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Future air conditioning could work by beaming heat into space

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Zhen Chen

By Matt Reynolds

With temperatures as cold as -270 °C, space is one hell of a heat sink.

Physicists have achieved record levels of temperature reduction using the process of radiative cooling, by which heat is beamed from Earth’s surface into outer space. Zhen Chen and his colleagues at Stanford University lowered the temperature of a thermal emitter - a device designed to give out more heat than it takes in - to 42.2 °C below that of the surrounding air.

“To achieve high-performance cooling, the key is to couple whatever object you want to cool with outer space and to decouple it from the ambient environment,” says Chen. The researchers placed the emitter in a vacuum chamber, isolating it from the atmosphere and cutting off almost any heat transfer through conduction or convection, which could cause the emitter to warm up. Heat from the emitter was radiated out of a specially designed window on top of the vacuum chamber, which was directed at a clear patch of sky.

Earth’s atmosphere allows thermal radiation of wavelengths between 8 and 13 micrometres to pass through it into outer space – but most objects release heat at different wavelengths. The Stanford emitter, however, was specifically designed so that most of the heat it emits falls within that range, meaning that on a clear day it will pass straight out into space without being bounced back by the atmosphere

Within half an hour of pumping air out of the vacuum chamber, the temperature of the emitter plummeted to 40 °C below that of the surrounding air. Over the next 24 hours, it averaged 37 °C below the air temperature, and reached its biggest reduction of 42.2 °C when exposed to the peak of the sun’s heat.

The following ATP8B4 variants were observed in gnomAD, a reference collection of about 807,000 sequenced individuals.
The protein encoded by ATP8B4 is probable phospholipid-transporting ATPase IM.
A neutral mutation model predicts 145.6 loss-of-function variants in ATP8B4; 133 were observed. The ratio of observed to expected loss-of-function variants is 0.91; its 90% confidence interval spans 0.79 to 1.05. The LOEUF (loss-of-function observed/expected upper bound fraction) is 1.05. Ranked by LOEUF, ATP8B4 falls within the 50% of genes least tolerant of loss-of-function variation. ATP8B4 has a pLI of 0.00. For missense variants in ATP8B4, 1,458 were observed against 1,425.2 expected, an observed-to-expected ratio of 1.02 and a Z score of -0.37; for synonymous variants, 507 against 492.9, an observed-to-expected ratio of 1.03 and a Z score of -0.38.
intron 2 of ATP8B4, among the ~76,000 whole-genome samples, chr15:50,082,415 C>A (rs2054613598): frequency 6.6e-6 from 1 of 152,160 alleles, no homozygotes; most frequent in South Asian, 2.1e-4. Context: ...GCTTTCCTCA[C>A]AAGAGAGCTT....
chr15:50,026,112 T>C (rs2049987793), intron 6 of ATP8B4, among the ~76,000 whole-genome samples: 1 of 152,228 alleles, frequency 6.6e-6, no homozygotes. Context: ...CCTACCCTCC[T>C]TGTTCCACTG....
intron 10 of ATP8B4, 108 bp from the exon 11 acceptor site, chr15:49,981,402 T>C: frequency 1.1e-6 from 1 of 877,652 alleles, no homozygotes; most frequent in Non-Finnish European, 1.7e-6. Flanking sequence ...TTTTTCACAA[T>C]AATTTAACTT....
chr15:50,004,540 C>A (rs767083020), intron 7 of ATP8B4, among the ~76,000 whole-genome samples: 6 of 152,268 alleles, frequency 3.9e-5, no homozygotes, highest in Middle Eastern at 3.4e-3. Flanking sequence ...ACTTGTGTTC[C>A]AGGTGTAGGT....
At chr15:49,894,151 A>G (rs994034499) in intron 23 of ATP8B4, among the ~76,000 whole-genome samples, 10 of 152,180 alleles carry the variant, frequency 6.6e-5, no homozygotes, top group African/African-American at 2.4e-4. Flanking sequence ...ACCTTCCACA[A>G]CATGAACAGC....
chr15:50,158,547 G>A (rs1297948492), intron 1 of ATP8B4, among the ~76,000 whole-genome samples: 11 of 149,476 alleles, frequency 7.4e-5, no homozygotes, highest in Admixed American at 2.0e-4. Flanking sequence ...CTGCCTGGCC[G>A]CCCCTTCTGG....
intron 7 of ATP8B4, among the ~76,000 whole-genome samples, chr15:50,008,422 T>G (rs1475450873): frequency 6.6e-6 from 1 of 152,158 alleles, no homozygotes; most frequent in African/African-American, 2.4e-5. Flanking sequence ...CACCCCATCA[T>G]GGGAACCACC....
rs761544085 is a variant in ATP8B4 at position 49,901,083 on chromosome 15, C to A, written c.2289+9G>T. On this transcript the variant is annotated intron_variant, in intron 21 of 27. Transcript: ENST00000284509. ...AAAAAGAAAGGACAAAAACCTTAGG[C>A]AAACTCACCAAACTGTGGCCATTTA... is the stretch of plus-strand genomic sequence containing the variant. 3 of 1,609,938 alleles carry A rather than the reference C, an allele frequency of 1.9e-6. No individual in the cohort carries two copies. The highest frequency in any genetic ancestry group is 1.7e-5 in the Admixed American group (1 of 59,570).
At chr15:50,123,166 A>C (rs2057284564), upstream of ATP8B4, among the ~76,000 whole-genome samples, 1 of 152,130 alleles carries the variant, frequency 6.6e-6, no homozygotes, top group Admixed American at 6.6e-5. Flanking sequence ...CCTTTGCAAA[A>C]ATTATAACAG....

Bigger reduction

Previous attempts at radiative cooling have achieved maximum temperature reductions of up to 20 °C, unless they are at high altitude and with very low humidity.

Jeremy Munday at the University of Maryland in College Park, says the team’s record-breaking results are down to their use of vacuum chambers and sun shades, which prevent sunlight from directly hitting the emitter. “They’re getting significantly below water-freezing temperature during daylight by improving their set-up,” he says.

Similar technology could be used to refrigerate food and medicine in areas where the ambient temperature is high, or in air-conditioning units on top of buildings, says Chen. To scale the technology up for these applications, however, they will need to find a cheaper alternative to the zinc selenide used in the window of the vacuum chamber, a material that is very effective at allowing radiation through at the right wavelengths to be transferred into space.

For situations in which it is not necessary to achieve such dramatic levels of cooling, however, zinc selenide could be substituted for less effective materials. “In the real application, you don’t need such transparent material – you can use cheaper material such as silicon or aluminium,” says Chen.

The researchers have launched a start-up company to explore commercial use of the technology, but Chen warns that it won’t be able to completely replace existing air-conditioning units because overcast skies almost eliminate the effect of radiative cooling.

Journal reference: Nature Communications, DOI: 10.1038/ncomms13729

Orginally published in New Scientist.

December 13, 2016



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